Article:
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TR: August 2013 Solo Hike to the Whaleback (and Back)

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TR: August 2013 Solo Hike to the Whaleback (and Back)

Postby Mike M. » Wed Mar 12, 2014 10:32 pm

Better late then never! Here's a trail report for a leisurely 14 day solo hike I did in August 2013. The primary objective of this hike was to take digital photos of The Whaleback from Glacier Lake, at the head of Cloud Canyon, which offers an unusual and very beautiful perspective looking down at the undulating spine of the Sierra's own Moby Dick. I'd been there several times before, but never with a digital camera.

The trip started at the Kearsarge Pass trailhead in Onion Valley on August 13th. I spent the night before at the Onion Valley campground, where the friendly campground host showed me the last available walk-in camp, hidden from view up above the other camps. A very nice spot.

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That evening, after the last of the day hikers cleared out, I was able to claim a primo parking spot very close to the trailhead, which made it easy to get started on the trail early the next morning.

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If you catch the first switchbacks early in the morning, it's an easy hike up to Kearsarge Pass even for this old fart. This is a heavily used trail, with many dayhikers, but the pass offers easy access to the high country and is a favorite for many hikers hooking up with the JMT, either heading north to Rae Lakes or south over Forester Pass. The pass sports one of the longest switchbacks in the Sierra.

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But the reward for that unsightly ultra long zig is country that looks like this:

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I found a very private campsite in the trees to the the very left of this photo, up the hill a bit from the outlet of the middle lake, with a nice view of the lake.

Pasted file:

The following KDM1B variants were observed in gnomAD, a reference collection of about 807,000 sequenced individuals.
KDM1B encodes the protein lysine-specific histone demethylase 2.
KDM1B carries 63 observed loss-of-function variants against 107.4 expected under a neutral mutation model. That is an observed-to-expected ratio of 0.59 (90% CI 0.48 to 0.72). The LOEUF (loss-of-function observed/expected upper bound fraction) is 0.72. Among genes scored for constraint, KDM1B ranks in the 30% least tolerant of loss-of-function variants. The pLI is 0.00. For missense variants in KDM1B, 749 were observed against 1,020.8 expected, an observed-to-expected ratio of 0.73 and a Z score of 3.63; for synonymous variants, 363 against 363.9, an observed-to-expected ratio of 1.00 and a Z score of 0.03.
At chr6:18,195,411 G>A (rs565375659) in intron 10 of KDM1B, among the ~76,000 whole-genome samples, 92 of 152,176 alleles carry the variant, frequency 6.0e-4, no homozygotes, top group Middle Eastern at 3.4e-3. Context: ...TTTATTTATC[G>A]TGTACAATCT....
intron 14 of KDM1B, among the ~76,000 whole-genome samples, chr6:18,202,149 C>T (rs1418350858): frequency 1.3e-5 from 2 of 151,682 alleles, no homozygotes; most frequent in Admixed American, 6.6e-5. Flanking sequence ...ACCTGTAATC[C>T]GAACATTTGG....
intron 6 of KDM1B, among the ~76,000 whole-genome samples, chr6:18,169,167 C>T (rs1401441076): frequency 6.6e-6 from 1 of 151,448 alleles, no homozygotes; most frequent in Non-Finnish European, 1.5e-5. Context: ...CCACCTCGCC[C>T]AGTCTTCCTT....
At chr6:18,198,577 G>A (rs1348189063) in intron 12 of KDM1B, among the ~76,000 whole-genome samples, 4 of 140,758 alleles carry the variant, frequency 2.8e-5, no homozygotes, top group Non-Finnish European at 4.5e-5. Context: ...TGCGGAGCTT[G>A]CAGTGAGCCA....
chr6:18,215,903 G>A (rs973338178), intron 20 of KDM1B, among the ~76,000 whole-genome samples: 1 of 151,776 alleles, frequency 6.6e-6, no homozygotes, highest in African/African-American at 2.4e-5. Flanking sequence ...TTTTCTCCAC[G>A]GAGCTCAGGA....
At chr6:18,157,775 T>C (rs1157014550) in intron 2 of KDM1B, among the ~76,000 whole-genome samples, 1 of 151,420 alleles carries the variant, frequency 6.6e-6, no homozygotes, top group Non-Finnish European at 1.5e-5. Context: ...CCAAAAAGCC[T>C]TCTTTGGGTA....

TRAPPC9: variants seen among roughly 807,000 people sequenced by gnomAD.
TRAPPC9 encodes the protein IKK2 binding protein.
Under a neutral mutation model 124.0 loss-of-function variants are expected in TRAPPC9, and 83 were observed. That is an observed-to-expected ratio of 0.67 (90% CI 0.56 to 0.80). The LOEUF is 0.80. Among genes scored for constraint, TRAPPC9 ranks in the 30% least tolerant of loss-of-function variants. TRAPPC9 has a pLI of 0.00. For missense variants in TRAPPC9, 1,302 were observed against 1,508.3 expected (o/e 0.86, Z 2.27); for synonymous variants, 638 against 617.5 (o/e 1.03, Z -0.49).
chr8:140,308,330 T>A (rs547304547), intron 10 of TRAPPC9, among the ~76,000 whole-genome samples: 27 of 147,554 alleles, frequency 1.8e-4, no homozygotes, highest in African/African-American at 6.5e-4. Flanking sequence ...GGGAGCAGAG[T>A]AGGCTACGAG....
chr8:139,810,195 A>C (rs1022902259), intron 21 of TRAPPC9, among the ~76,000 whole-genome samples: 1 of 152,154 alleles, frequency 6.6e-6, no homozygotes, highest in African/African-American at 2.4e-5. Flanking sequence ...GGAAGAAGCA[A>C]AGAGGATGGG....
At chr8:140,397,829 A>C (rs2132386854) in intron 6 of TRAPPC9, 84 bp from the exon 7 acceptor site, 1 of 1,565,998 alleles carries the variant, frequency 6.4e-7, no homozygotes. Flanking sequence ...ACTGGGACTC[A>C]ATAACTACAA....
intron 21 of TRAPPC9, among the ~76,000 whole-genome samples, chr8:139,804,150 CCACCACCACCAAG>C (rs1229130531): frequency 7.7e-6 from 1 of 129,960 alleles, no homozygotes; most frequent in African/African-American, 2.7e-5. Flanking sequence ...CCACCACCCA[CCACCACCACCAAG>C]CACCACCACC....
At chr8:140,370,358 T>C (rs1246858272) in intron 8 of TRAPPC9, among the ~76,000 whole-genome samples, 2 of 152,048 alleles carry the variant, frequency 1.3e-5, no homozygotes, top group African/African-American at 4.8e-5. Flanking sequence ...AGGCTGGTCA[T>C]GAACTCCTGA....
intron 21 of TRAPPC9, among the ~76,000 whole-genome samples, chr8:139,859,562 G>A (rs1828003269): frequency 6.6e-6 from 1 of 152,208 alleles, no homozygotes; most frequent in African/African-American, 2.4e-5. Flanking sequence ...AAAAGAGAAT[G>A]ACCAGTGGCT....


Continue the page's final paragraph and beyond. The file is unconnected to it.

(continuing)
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I've been hiking in the Sierra for over 40 years and this was about as dry as I've ever seen it. The water at the first lake was a little sketchy (I'm always a little leery about water sources in heavily used areas like this and don't carry a water filter), so I ended up getting water from the middle lake. It had been a warm, bright and sunny day. I was treated to a nice sunset.

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I cowboy camped that night, which is my preference, and woke up to another perfect day.

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This day and the next were easy days, giving me time to acclimate for the big climb over Forester Pass. I walked down to Bullfrog Lake . . .

. . . and continued down to the John Muir Trail junction, then down the Vidette switchbacks and up Bubbs Creek to upper Vidette Meadow, where I was treated to an exquisite sunset. Once again, not a cloud in the sky this day.

. . . to be continued
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Last edited by Mike M. on Sat Mar 15, 2014 5:31 pm, edited 3 times in total.



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Re: TR: August 2013 Solo Hike

Postby Mike M. » Wed Mar 12, 2014 11:02 pm

Day 2 continued . . .

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Day 3 was like a layover day. I hiked just a few miles up Bubbs Creek to the Center Basin junction. Just a little ways beyond this junction is a bearbox and a collection of campsites on a bluff overlooking a bend in the creek, with a nice view down the canyon. I found a secluded campsite away from the bluff and spent the day reading and taking photos both up and down the creek.